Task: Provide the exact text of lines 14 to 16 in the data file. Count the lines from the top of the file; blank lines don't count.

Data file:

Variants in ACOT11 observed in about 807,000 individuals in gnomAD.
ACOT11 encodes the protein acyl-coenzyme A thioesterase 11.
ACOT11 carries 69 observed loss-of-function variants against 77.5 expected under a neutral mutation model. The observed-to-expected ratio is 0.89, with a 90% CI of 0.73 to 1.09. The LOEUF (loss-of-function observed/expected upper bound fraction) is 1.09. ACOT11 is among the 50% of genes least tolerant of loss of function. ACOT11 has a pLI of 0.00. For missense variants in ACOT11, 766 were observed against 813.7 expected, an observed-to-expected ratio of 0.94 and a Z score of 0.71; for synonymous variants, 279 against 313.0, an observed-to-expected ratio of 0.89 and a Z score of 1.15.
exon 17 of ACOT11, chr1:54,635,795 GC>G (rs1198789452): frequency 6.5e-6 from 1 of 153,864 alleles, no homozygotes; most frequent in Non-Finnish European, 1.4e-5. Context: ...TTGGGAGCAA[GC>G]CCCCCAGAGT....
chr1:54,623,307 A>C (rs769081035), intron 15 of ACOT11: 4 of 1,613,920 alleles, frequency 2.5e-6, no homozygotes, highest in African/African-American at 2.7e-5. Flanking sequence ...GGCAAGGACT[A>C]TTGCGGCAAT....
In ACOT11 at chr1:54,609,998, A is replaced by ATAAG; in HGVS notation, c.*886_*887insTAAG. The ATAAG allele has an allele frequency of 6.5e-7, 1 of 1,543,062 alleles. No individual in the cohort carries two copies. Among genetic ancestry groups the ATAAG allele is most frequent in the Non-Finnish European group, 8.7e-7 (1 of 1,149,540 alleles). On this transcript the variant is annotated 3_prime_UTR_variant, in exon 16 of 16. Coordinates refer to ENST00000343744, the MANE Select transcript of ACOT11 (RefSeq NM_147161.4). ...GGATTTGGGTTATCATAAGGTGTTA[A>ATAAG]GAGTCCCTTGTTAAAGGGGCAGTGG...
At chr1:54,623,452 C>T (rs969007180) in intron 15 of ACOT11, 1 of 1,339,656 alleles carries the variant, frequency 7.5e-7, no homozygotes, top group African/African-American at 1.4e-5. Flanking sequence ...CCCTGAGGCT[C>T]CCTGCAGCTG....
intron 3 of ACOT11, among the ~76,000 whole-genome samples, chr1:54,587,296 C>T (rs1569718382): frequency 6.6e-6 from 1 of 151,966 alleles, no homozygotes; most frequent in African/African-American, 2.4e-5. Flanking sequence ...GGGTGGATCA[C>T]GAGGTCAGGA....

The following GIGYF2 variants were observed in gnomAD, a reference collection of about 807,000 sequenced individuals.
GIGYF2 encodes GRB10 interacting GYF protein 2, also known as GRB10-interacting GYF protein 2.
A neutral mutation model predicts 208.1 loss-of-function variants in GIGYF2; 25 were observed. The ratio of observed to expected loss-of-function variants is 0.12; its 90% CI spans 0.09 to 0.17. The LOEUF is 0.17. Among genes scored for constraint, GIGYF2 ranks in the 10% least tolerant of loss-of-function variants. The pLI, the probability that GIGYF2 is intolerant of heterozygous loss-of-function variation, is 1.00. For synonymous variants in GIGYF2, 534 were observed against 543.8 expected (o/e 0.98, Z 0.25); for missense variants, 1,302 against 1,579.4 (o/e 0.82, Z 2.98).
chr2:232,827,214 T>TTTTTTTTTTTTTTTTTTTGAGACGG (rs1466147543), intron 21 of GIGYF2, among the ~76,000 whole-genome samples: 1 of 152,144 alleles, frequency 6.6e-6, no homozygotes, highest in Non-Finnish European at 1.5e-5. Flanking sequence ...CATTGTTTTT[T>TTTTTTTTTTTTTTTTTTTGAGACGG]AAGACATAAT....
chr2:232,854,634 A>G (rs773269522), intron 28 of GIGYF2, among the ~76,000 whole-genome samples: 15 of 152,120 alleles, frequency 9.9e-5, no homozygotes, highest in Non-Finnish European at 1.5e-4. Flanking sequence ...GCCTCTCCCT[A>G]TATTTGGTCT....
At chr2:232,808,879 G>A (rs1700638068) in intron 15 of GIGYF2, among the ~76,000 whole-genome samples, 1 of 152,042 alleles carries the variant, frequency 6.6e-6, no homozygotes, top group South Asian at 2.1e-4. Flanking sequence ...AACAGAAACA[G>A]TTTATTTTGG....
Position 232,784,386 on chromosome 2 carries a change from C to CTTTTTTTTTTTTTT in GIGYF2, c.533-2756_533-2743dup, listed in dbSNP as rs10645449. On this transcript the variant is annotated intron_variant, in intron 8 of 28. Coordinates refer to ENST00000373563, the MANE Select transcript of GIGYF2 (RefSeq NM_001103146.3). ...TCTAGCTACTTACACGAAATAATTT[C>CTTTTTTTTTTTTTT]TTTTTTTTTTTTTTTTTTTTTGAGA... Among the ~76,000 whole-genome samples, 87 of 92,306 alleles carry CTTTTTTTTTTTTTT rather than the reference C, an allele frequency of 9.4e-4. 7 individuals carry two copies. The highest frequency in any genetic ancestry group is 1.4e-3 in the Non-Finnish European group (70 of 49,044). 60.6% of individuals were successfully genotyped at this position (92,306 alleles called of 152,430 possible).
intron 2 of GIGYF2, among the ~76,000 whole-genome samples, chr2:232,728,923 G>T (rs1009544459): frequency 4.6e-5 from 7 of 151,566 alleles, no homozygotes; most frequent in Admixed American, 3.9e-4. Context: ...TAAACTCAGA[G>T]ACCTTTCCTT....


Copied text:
At chr2:232,808,879 G>A (rs1700638068) in intron 15 of GIGYF2, among the ~76,000 whole-genome samples, 1 of 152,042 alleles carries the variant, frequency 6.6e-6, no homozygotes, top group South Asian at 2.1e-4. Flanking sequence ...AACAGAAACA[G>A]TTTATTTTGG....
Position 232,784,386 on chromosome 2 carries a change from C to CTTTTTTTTTTTTTT in GIGYF2, c.533-2756_533-2743dup, listed in dbSNP as rs10645449. On this transcript the variant is annotated intron_variant, in intron 8 of 28. Coordinates refer to ENST00000373563, the MANE Select transcript of GIGYF2 (RefSeq NM_001103146.3). ...TCTAGCTACTTACACGAAATAATTT[C>CTTTTTTTTTTTTTT]TTTTTTTTTTTTTTTTTTTTTGAGA... Among the ~76,000 whole-genome samples, 87 of 92,306 alleles carry CTTTTTTTTTTTTTT rather than the reference C, an allele frequency of 9.4e-4. 7 individuals carry two copies. The highest frequency in any genetic ancestry group is 1.4e-3 in the Non-Finnish European group (70 of 49,044). 60.6% of individuals were successfully genotyped at this position (92,306 alleles called of 152,430 possible).
intron 2 of GIGYF2, among the ~76,000 whole-genome samples, chr2:232,728,923 G>T (rs1009544459): frequency 4.6e-5 from 7 of 151,566 alleles, no homozygotes; most frequent in Admixed American, 3.9e-4. Context: ...TAAACTCAGA[G>T]ACCTTTCCTT....